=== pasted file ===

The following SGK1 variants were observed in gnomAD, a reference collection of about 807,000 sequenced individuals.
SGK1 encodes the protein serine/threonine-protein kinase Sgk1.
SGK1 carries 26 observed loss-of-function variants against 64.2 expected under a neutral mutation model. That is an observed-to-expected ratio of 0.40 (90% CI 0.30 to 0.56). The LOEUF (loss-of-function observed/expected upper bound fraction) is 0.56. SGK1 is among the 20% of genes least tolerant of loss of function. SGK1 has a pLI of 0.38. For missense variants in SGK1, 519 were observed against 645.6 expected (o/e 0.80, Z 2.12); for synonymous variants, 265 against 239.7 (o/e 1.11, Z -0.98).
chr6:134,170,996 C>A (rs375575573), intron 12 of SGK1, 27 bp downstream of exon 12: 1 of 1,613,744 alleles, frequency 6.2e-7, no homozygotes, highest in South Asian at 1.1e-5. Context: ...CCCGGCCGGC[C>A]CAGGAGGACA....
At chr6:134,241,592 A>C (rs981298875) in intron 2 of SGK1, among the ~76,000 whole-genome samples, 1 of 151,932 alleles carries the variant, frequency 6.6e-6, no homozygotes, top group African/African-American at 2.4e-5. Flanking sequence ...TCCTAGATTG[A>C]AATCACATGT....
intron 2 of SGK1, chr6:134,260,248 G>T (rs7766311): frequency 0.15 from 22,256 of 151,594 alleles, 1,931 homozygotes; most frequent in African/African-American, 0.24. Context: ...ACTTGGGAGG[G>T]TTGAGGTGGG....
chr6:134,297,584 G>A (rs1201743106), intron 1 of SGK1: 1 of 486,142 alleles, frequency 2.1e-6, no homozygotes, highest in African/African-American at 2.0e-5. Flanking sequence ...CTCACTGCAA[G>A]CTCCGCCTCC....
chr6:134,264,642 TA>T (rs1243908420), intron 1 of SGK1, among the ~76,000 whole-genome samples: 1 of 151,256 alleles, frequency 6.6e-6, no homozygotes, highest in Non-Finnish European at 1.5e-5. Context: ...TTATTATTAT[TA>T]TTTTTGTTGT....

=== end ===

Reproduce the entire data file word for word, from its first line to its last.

The following SGK1 variants were observed in gnomAD, a reference collection of about 807,000 sequenced individuals.
SGK1 encodes the protein serine/threonine-protein kinase Sgk1.
SGK1 carries 26 observed loss-of-function variants against 64.2 expected under a neutral mutation model. That is an observed-to-expected ratio of 0.40 (90% CI 0.30 to 0.56). The LOEUF (loss-of-function observed/expected upper bound fraction) is 0.56. SGK1 is among the 20% of genes least tolerant of loss of function. SGK1 has a pLI of 0.38. For missense variants in SGK1, 519 were observed against 645.6 expected (o/e 0.80, Z 2.12); for synonymous variants, 265 against 239.7 (o/e 1.11, Z -0.98).
chr6:134,170,996 C>A (rs375575573), intron 12 of SGK1, 27 bp downstream of exon 12: 1 of 1,613,744 alleles, frequency 6.2e-7, no homozygotes, highest in South Asian at 1.1e-5. Context: ...CCCGGCCGGC[C>A]CAGGAGGACA....
At chr6:134,241,592 A>C (rs981298875) in intron 2 of SGK1, among the ~76,000 whole-genome samples, 1 of 151,932 alleles carries the variant, frequency 6.6e-6, no homozygotes, top group African/African-American at 2.4e-5. Flanking sequence ...TCCTAGATTG[A>C]AATCACATGT....
intron 2 of SGK1, chr6:134,260,248 G>T (rs7766311): frequency 0.15 from 22,256 of 151,594 alleles, 1,931 homozygotes; most frequent in African/African-American, 0.24. Context: ...ACTTGGGAGG[G>T]TTGAGGTGGG....
chr6:134,297,584 G>A (rs1201743106), intron 1 of SGK1: 1 of 486,142 alleles, frequency 2.1e-6, no homozygotes, highest in African/African-American at 2.0e-5. Flanking sequence ...CTCACTGCAA[G>A]CTCCGCCTCC....
chr6:134,264,642 TA>T (rs1243908420), intron 1 of SGK1, among the ~76,000 whole-genome samples: 1 of 151,256 alleles, frequency 6.6e-6, no homozygotes, highest in Non-Finnish European at 1.5e-5. Context: ...TTATTATTAT[TA>T]TTTTTGTTGT....